Now that you’ve read about the benefits of using visual schedules at home – what, who and why, you’re ready to move on to finding out more about how to choose the right kind of schedule for your child.
Keep it simple!
The most important thing to think about when deciding which type of schedule will best suit your child is that it has to work when they are having a really bad day as well as a good one. That’s the time when you and your child are going to be the most stressed and probably need the support provided by a schedule even more than when things are going well.
Most of us don’t perform to our best when we’re stressed so why would your child? Consider choosing a visual schedule that is easier than you think your child can handle. More complex is not necessarily better – keep your focus on the goal of independent usage.
This is the simplest type of schedule and works well for children with few language skills or who are mostly non-verbal. Tangible objects are chosen to represent activities; for example, a cup for snacktime, a spoon for meals or a shopping bag for trips to the supermarket.
Hand the object to the child to indicate the activity they are moving or transitioning to next. It’s important to make a list of which objects you are going to use to represent each activity and above all, be consistent. Pinterest is a fabulous resource for ideas!
A child is ready for a picture or photograph schedule when they can consistently match pictures in the same way you would in a simple lotto game. Some children find photographs easier to recognise whilst others can use drawings.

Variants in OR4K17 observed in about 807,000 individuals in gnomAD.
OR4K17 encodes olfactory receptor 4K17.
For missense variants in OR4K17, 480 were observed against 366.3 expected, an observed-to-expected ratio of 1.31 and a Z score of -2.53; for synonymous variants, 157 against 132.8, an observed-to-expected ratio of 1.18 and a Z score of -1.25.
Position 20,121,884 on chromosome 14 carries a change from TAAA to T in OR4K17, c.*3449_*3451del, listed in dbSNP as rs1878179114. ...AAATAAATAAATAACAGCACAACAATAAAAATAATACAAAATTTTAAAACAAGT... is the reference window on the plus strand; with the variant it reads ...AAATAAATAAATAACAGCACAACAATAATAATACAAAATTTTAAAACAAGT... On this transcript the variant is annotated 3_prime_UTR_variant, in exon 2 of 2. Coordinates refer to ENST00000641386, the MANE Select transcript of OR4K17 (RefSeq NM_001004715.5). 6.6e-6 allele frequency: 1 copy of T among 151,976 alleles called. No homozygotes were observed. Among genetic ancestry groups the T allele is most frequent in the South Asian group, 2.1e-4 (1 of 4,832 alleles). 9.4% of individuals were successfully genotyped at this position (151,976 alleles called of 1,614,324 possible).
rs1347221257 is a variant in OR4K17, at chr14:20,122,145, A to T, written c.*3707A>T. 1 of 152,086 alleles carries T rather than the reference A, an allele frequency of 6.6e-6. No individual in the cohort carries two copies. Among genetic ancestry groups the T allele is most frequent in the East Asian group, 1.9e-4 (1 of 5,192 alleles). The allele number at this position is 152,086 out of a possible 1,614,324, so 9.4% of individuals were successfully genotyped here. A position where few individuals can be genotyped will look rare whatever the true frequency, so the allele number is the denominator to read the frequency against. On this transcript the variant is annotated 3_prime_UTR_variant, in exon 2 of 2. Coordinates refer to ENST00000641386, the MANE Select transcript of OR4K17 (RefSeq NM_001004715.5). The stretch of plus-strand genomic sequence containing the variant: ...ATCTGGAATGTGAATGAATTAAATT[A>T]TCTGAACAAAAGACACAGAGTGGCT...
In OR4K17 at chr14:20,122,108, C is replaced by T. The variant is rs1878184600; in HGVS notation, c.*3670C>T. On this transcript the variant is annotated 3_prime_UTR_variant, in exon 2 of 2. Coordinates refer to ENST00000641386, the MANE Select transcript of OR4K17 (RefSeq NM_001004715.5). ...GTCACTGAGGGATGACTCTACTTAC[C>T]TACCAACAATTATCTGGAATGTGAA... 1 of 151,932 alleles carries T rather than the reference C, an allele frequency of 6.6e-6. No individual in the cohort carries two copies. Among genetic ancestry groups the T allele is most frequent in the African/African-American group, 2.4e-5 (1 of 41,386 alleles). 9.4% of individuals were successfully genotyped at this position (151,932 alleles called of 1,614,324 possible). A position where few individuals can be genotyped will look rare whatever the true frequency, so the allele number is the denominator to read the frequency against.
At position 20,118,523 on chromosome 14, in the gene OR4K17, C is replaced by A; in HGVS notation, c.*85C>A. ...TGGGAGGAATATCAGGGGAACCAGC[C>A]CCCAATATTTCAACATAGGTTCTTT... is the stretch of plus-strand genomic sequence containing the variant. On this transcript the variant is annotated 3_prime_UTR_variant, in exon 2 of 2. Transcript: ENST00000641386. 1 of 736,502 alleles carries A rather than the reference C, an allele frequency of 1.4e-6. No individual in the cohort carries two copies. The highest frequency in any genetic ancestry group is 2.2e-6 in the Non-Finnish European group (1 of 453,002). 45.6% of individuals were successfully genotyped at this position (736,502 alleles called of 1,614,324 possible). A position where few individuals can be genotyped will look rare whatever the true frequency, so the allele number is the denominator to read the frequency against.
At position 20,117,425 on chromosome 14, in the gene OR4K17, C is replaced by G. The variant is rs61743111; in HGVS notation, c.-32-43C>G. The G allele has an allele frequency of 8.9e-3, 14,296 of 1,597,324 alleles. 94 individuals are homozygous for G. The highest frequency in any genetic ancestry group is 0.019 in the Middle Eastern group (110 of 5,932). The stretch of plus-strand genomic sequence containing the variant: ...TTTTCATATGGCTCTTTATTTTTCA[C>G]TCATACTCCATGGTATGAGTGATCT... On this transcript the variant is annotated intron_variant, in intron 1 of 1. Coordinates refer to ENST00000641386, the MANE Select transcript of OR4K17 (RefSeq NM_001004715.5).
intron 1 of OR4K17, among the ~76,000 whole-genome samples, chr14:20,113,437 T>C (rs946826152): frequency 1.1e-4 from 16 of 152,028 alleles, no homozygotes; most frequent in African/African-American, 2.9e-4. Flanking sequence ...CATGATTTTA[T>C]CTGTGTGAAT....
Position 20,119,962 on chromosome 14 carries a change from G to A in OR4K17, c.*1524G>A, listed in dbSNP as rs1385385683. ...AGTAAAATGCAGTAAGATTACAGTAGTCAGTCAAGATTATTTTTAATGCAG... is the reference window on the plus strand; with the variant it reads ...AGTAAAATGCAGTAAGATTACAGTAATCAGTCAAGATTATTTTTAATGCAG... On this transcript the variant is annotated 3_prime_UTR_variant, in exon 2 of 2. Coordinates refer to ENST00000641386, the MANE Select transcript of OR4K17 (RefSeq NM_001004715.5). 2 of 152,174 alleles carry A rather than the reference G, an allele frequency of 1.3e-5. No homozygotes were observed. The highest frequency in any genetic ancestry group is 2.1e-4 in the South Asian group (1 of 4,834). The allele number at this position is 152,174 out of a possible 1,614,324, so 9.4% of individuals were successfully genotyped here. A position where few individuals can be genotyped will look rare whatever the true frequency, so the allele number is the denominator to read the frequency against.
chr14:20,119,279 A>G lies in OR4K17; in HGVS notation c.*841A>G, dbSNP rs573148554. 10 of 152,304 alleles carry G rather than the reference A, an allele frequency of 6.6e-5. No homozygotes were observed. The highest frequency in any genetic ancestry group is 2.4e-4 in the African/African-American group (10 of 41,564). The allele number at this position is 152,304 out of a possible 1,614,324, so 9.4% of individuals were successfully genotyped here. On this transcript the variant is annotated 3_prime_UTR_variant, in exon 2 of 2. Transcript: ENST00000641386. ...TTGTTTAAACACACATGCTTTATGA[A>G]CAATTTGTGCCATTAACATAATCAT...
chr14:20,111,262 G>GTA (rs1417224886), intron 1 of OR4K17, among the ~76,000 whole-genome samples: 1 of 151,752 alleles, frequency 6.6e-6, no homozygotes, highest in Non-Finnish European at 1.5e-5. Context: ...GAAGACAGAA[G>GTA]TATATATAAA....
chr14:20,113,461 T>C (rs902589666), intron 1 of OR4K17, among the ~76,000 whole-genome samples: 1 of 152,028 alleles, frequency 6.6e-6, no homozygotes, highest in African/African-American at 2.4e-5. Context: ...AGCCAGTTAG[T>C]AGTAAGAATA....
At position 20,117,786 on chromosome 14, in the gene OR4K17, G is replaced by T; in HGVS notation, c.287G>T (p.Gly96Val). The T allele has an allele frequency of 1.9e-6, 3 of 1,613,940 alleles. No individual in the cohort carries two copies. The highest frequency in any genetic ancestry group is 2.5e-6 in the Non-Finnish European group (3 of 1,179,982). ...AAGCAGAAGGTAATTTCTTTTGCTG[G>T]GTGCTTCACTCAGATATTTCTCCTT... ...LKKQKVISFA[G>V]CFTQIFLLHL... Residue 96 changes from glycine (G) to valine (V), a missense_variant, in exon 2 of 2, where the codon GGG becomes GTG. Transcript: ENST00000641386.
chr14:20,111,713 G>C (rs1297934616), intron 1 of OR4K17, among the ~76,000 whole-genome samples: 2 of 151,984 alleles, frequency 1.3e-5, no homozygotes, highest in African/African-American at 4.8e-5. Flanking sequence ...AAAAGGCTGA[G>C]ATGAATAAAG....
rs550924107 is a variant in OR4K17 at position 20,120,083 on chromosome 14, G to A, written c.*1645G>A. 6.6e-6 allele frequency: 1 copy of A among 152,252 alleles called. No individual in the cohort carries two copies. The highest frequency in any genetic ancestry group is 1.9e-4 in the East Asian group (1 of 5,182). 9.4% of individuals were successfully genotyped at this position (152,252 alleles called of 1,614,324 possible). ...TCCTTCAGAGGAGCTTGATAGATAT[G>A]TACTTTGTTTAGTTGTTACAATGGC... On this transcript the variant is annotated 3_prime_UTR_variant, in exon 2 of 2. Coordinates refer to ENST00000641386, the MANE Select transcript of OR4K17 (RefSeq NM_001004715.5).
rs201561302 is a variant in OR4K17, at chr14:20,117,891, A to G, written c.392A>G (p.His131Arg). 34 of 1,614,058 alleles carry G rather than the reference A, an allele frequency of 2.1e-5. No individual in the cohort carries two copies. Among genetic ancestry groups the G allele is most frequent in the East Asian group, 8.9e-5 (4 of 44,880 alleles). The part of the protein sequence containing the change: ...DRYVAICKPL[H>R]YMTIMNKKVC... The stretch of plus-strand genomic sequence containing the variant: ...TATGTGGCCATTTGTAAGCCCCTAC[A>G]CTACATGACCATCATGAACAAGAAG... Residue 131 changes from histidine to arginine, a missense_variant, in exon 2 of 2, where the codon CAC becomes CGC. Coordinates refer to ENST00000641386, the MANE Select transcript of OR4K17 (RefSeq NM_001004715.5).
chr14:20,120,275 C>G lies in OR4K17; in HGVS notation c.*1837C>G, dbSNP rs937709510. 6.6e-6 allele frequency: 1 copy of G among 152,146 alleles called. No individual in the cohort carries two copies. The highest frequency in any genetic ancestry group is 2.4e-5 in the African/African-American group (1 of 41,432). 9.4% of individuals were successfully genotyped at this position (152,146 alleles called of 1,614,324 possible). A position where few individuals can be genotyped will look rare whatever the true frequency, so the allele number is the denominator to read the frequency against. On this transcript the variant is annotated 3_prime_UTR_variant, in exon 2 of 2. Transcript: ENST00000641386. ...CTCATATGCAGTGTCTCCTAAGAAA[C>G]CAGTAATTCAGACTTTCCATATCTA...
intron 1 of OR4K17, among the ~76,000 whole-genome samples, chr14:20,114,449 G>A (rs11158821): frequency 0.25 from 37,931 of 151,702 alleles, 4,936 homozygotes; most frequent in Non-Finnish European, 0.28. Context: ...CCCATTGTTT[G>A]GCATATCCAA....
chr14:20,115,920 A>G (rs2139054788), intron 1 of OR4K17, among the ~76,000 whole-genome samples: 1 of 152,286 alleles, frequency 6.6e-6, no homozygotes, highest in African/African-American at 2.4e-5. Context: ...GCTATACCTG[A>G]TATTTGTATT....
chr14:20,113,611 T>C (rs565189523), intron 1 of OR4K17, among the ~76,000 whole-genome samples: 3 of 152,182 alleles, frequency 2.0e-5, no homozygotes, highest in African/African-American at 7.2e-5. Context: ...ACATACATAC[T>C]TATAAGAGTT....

For my own son I started by laminating photographs of real objects and built up a series of activity cards he could follow. I included images of household items such as his clothes and toys as well as places we visited regularly like the park and shops. When he was ready to recognise drawings I used printable pictures from websites such as do2learn.com.
TomTag is a form of picture schedule. From my own experiences of late nights spent printing, cutting and laminating pictures and symbols, I knew when designing TomTag that it had to be an easy to use system where none of that would be necessary.
We use these often in our daily lives although we may not recognise them as such. Diaries, organisers, shopping and task lists are all forms of written schedules. They obviously work best for children who can read but you can transition from picture to visual schedules by adding words alongside the pictures and then gradually work towards replacing them completely.
You might start with a basic written list and cross off items as they are done. As skills emerge, you can move on to more complex written schedules such as day planners and electronic organisers.
These are the three main types of schedule you will come across although there are obviously many variations you can create for each type. Sometimes it’s a matter of experimenting with different ones until you find something that’s right for you.
In part 3 Visual schedules at home – making sure they work we’ll share some top tips for using schedules and how best to make them work effectively.